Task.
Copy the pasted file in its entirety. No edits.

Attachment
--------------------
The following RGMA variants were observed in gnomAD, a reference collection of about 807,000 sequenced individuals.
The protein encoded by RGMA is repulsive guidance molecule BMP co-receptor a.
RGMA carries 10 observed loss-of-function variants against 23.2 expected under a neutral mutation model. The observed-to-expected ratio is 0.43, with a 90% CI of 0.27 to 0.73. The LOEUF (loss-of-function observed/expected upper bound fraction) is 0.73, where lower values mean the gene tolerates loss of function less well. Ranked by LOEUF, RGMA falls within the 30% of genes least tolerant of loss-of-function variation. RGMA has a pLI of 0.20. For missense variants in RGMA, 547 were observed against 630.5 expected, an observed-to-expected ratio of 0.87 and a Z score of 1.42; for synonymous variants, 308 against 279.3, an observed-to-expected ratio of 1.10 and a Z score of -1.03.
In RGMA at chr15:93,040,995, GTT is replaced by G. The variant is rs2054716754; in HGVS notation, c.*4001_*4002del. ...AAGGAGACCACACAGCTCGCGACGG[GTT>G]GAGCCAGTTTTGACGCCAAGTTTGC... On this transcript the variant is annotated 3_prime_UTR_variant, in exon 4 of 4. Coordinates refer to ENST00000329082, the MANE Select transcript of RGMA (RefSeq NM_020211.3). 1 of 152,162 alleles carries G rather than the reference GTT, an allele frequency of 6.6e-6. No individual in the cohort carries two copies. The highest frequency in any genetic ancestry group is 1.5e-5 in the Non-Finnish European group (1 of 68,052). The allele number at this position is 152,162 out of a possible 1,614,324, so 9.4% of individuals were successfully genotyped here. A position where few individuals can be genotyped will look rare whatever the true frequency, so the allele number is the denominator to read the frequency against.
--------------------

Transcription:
The following RGMA variants were observed in gnomAD, a reference collection of about 807,000 sequenced individuals.
The protein encoded by RGMA is repulsive guidance molecule BMP co-receptor a.
RGMA carries 10 observed loss-of-function variants against 23.2 expected under a neutral mutation model. The observed-to-expected ratio is 0.43, with a 90% CI of 0.27 to 0.73. The LOEUF (loss-of-function observed/expected upper bound fraction) is 0.73, where lower values mean the gene tolerates loss of function less well. Ranked by LOEUF, RGMA falls within the 30% of genes least tolerant of loss-of-function variation. RGMA has a pLI of 0.20. For missense variants in RGMA, 547 were observed against 630.5 expected, an observed-to-expected ratio of 0.87 and a Z score of 1.42; for synonymous variants, 308 against 279.3, an observed-to-expected ratio of 1.10 and a Z score of -1.03.
In RGMA at chr15:93,040,995, GTT is replaced by G. The variant is rs2054716754; in HGVS notation, c.*4001_*4002del. ...AAGGAGACCACACAGCTCGCGACGG[GTT>G]GAGCCAGTTTTGACGCCAAGTTTGC... On this transcript the variant is annotated 3_prime_UTR_variant, in exon 4 of 4. Coordinates refer to ENST00000329082, the MANE Select transcript of RGMA (RefSeq NM_020211.3). 1 of 152,162 alleles carries G rather than the reference GTT, an allele frequency of 6.6e-6. No individual in the cohort carries two copies. The highest frequency in any genetic ancestry group is 1.5e-5 in the Non-Finnish European group (1 of 68,052). The allele number at this position is 152,162 out of a possible 1,614,324, so 9.4% of individuals were successfully genotyped here. A position where few individuals can be genotyped will look rare whatever the true frequency, so the allele number is the denominator to read the frequency against.